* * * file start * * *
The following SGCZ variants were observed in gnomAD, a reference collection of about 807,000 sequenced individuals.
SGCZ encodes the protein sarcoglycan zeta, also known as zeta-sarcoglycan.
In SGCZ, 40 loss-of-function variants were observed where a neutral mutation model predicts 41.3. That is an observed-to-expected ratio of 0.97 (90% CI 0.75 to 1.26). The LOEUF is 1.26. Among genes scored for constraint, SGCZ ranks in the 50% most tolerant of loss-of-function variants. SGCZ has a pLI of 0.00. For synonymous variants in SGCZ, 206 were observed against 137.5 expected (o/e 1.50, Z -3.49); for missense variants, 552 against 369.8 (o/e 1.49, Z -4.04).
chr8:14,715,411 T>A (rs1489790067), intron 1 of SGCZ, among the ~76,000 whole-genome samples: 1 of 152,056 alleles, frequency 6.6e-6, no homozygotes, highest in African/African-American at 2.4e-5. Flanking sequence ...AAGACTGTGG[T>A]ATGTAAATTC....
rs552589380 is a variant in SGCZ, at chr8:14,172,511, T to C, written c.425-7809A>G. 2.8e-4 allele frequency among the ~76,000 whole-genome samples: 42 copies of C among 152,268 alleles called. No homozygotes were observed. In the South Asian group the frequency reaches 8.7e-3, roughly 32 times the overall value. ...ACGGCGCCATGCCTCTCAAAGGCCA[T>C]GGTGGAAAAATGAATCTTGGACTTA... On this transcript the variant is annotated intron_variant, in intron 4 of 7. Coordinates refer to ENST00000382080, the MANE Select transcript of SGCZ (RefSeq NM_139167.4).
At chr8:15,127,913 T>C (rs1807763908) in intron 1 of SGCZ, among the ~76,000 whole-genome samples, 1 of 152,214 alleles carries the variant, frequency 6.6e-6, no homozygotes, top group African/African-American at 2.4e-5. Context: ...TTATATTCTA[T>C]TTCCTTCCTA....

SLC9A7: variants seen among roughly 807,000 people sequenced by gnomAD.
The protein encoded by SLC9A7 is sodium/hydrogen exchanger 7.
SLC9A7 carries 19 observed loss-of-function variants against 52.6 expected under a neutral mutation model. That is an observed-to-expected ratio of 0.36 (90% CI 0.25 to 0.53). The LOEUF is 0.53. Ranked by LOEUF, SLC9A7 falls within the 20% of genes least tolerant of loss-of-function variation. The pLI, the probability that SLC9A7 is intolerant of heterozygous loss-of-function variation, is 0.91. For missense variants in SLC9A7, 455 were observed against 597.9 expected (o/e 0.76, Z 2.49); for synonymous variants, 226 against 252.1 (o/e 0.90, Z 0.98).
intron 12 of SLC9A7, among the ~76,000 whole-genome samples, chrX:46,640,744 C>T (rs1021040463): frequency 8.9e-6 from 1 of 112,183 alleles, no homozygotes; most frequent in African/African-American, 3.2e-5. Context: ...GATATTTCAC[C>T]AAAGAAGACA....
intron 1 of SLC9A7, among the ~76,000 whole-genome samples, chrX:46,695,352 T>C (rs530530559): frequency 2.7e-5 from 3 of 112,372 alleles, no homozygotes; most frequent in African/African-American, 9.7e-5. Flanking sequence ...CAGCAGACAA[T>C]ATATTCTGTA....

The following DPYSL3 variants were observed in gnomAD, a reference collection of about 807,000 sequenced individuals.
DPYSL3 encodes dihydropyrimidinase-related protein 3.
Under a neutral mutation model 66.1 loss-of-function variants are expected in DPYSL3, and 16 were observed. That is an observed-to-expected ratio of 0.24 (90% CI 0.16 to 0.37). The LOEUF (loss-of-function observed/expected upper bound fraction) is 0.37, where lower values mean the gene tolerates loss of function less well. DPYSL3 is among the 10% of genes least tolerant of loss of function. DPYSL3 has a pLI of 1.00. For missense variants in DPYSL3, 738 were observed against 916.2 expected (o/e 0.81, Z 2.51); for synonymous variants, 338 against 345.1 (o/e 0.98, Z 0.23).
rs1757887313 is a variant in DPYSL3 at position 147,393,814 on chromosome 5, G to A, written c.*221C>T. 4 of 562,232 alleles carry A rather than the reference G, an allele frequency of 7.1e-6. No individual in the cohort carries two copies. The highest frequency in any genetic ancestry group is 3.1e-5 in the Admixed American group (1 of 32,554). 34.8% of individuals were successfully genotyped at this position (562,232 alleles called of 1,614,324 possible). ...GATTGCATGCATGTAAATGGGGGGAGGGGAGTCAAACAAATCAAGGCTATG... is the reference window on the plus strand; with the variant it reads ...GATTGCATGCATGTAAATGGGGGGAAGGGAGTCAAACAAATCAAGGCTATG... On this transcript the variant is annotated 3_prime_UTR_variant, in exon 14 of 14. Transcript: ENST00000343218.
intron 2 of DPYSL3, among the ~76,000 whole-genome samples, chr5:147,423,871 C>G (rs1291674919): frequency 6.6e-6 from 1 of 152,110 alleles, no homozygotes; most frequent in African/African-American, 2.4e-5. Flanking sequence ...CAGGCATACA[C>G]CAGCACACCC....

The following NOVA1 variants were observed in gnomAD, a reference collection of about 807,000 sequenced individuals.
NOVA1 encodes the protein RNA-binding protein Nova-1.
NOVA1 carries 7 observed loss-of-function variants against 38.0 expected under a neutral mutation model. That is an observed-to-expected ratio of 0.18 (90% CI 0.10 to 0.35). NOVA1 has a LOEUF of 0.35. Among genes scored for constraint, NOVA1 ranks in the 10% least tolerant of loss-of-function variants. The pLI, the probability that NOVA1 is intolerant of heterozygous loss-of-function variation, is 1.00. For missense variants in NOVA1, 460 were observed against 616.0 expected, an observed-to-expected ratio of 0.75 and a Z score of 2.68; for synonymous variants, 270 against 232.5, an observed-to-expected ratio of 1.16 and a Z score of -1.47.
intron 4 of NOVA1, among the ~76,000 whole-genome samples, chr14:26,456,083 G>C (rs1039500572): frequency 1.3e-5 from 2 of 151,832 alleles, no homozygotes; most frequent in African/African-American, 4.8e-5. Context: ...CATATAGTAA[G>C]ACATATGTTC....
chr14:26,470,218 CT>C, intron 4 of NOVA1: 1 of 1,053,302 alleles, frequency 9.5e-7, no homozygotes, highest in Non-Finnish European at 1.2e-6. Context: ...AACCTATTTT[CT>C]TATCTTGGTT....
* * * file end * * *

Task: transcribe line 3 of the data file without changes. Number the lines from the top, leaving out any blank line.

In SGCZ, 40 loss-of-function variants were observed where a neutral mutation model predicts 41.3. That is an observed-to-expected ratio of 0.97 (90% CI 0.75 to 1.26). The LOEUF is 1.26. Among genes scored for constraint, SGCZ ranks in the 50% most tolerant of loss-of-function variants. SGCZ has a pLI of 0.00. For synonymous variants in SGCZ, 206 were observed against 137.5 expected (o/e 1.50, Z -3.49); for missense variants, 552 against 369.8 (o/e 1.49, Z -4.04).